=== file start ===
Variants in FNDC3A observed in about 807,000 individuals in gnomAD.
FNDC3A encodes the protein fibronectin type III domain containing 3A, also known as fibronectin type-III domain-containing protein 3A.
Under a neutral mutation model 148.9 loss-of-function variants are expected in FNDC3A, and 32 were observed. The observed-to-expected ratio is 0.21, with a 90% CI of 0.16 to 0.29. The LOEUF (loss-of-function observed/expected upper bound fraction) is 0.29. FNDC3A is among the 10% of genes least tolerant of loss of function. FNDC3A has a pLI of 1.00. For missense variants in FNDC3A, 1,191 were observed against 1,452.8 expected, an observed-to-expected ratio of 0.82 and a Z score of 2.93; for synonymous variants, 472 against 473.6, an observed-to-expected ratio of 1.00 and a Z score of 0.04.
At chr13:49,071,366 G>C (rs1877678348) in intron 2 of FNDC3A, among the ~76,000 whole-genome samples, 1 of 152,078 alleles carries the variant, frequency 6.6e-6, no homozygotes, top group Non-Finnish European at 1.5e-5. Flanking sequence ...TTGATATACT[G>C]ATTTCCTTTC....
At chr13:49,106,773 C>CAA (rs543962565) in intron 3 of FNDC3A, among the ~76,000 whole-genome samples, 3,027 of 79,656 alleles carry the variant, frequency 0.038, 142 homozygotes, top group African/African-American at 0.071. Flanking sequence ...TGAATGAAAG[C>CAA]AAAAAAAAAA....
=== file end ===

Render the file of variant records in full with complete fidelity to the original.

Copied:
Variants in FNDC3A observed in about 807,000 individuals in gnomAD.
FNDC3A encodes the protein fibronectin type III domain containing 3A, also known as fibronectin type-III domain-containing protein 3A.
Under a neutral mutation model 148.9 loss-of-function variants are expected in FNDC3A, and 32 were observed. The observed-to-expected ratio is 0.21, with a 90% CI of 0.16 to 0.29. The LOEUF (loss-of-function observed/expected upper bound fraction) is 0.29. FNDC3A is among the 10% of genes least tolerant of loss of function. FNDC3A has a pLI of 1.00. For missense variants in FNDC3A, 1,191 were observed against 1,452.8 expected, an observed-to-expected ratio of 0.82 and a Z score of 2.93; for synonymous variants, 472 against 473.6, an observed-to-expected ratio of 1.00 and a Z score of 0.04.
At chr13:49,071,366 G>C (rs1877678348) in intron 2 of FNDC3A, among the ~76,000 whole-genome samples, 1 of 152,078 alleles carries the variant, frequency 6.6e-6, no homozygotes, top group Non-Finnish European at 1.5e-5. Flanking sequence ...TTGATATACT[G>C]ATTTCCTTTC....
At chr13:49,106,773 C>CAA (rs543962565) in intron 3 of FNDC3A, among the ~76,000 whole-genome samples, 3,027 of 79,656 alleles carry the variant, frequency 0.038, 142 homozygotes, top group African/African-American at 0.071. Flanking sequence ...TGAATGAAAG[C>CAA]AAAAAAAAAA....